3. Ariah, This is so funny! I've taken a hiatus for awhile from your blog for a few weeks. Life's just been crazy and I've not been on the computer much. Decided to come back to it tonight (of all nights) 🙂 and alas, you've hit a topic that's close to home. As a raw veag, I have alot to add, so I will be back to add to this discussion. And if I don't, well, poke me on facebook or send me an e-mail. Cause I *want* to have this conversation with you… I'm just dealing with a house full of strep throat and the needs of 5 kids at the moment, so I might need some prodding 😉 but I definitely am interested in sharing my knowledge. 🙂

    Love you and Mindy as always. 🙂 Peace.

  4. Well, I do care about food ethics in its many aspects, including the health effects of what we as Americans eat, the sustainability of food production and consumption, and the public policies that have shaped what we eat in America and where it comes from. Each one of these aspects has a very real impact on people, but the impact is not always immediate.

    Really, it's the <a href="” target=”_blank”>Story of Stuff, only this stuff (food) we put in our mouths. Just as with other stuff (like the cheap plastic crap that drives you crazy when it is given to your kids), it can be hard to see the direct impact on people because of our complex post-industrial supply chain that obscures the production process.

    I will have to say that although I try to live ethically, I often fall short. I love dumpster diving, buying used, and making my own clothing whenever possible, but I also buy new stuff (clothing, electronics, etc.). In other words, I often fail to live up to my ideals, and my purchasing decisions continue to help prop up the injustices that are propagated by our system.

    All this goes to say that everything we do effects people whether we can see the effects or not. So we do our best to live ethically in every areas of our lives. In a capitalist economy this means voting with our dollars whenever we spend them. There's obviously a lot more I could say about this, especially since so much of the social justice is wrapped up in food policy and economic incentives for producing cheap, unhealthy, processed food ingredients. I'll do my best, though, to critique one or two of your meals and how changing your consumption behavior will have a real impact on people.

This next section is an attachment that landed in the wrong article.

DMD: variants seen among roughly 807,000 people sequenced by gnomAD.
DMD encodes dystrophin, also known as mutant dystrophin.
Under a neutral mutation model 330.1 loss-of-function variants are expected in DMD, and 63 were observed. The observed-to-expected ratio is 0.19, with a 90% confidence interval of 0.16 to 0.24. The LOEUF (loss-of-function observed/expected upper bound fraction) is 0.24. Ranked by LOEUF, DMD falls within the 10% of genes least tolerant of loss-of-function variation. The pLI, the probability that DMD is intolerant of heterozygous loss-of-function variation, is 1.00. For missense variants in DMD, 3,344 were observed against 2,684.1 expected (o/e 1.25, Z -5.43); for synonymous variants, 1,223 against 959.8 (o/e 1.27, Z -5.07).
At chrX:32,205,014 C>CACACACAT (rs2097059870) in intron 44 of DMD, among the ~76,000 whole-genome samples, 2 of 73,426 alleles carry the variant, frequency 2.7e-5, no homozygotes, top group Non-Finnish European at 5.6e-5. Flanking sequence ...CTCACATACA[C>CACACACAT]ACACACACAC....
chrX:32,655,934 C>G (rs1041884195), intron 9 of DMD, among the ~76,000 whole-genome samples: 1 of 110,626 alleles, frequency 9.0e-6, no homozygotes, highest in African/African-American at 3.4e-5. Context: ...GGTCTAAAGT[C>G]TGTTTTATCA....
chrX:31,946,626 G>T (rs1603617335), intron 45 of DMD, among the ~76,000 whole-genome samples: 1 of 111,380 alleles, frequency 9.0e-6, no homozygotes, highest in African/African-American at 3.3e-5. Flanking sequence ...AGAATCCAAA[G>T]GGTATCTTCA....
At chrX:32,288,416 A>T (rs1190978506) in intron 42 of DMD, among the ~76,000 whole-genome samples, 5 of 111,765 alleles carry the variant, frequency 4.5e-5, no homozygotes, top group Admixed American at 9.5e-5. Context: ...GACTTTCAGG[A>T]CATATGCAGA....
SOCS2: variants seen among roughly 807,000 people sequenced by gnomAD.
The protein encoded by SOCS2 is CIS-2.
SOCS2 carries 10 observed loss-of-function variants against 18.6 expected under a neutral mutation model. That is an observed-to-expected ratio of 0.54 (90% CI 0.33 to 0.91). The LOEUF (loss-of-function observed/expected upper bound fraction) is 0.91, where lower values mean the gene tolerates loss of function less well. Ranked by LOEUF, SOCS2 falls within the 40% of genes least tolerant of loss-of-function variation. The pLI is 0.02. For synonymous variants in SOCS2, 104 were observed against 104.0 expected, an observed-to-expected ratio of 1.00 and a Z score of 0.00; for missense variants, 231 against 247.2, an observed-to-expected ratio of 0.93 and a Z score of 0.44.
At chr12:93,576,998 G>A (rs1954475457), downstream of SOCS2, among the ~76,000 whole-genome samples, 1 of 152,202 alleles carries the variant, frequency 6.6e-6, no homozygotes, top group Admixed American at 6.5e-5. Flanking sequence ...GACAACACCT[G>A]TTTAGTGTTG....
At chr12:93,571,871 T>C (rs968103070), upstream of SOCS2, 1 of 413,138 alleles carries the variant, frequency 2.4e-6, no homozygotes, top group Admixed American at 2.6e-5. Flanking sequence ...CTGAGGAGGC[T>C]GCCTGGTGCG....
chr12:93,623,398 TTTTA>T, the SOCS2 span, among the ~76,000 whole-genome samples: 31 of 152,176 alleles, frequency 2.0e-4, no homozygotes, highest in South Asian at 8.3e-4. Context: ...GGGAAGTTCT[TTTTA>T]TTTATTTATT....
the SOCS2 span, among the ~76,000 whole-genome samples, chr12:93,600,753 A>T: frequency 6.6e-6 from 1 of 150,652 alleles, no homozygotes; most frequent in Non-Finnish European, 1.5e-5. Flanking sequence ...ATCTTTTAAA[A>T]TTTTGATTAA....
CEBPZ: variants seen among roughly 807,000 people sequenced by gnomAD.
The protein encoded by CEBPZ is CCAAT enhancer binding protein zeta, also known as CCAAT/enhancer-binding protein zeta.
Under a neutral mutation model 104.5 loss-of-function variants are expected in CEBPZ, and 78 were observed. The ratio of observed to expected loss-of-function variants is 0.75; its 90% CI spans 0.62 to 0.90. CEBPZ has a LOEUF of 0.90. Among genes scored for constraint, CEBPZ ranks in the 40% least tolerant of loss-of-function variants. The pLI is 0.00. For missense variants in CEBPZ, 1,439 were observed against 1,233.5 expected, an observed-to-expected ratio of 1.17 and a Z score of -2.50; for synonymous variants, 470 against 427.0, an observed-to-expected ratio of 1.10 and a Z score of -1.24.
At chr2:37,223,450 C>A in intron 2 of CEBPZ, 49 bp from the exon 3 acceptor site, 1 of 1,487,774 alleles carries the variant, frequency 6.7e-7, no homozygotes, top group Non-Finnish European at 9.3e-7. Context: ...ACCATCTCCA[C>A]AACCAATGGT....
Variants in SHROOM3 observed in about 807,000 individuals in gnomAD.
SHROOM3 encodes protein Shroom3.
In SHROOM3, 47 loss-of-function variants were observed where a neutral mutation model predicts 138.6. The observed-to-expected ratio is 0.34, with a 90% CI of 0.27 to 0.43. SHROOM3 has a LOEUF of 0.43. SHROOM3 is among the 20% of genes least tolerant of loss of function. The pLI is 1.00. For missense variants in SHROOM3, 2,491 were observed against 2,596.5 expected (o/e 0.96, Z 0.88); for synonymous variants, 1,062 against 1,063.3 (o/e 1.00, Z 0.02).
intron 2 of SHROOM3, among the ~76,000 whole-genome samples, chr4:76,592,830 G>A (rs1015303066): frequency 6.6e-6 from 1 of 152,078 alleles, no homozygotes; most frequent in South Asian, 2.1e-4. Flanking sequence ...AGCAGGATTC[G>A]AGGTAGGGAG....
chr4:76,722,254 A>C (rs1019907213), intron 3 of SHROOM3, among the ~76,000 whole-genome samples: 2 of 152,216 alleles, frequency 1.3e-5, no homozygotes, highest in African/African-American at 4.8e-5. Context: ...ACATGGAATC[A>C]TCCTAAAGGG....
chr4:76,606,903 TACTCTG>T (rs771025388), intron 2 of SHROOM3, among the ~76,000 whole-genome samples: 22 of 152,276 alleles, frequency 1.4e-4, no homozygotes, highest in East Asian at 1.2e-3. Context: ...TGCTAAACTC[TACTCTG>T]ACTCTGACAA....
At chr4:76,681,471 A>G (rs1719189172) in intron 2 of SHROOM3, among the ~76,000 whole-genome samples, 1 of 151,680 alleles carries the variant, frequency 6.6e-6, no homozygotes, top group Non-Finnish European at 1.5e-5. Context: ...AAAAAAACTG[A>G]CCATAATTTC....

5. Peanut butter is very easy to make homemade, although you can't buy local peanuts. It's just peanuts and little oil in a blender/food processor.

    Jam is also relative easy to make at home. You can buy large quantities of strawberries or raspberries in MN in the summer and with a little planning you could have local/organic jam throughout the winter.

    You can also make you own bread very easily (no bread machine necessary).

    1. making jam, peanut butter, pasta, tortillas, canning tomatoes, wow!
      I'm gonna need an arsenal of kitchen tools and some mad cooking skills. Any suggestion or where to start?

      1. You don't need any special equipment for tortillas, bread, and/or freezing fruit and vegetables, provided you have the usual kitchen stuff like pots and pans.

        Making peanut butter requires a food processor.

        Of course, canning food requires more equipment, but it is all reusable (except the lids) so you can keep it and use it for years and years.

        Don't get in over your head, just start with one thing, then add another and so on. You don't want to get overwhelmed trying to do everything at once.

        This basic pizza crust might be good to start with:

        Make it fun, do it with your family and most importantly, enjoy the food.

  6. These are great questions Ariah – we too are trying to slowly make changes. I don't know many answers, but we can offer you the use of our deep freezer, food processor, canner, breadmaker, and tiller. I am on a hunt to find cheap local eggs and chicken on Craigslist, and Tanden's parents have homegrown beef to sell about once a year (not organic – but antibiotic-free and pastured) – you have to buy about a quarter of a beef all at once, but you are welcome to keep it in our deep freezer, and you wuld really be helping them out. And, next summer, you can have a plot in the community garden. I know you grow stuff in your yard too, but you might want more space/help/conversation. We hope to have a jam/applesauce making day soon, and maybe also a spaghetti sauce day – we could work together and share the booty.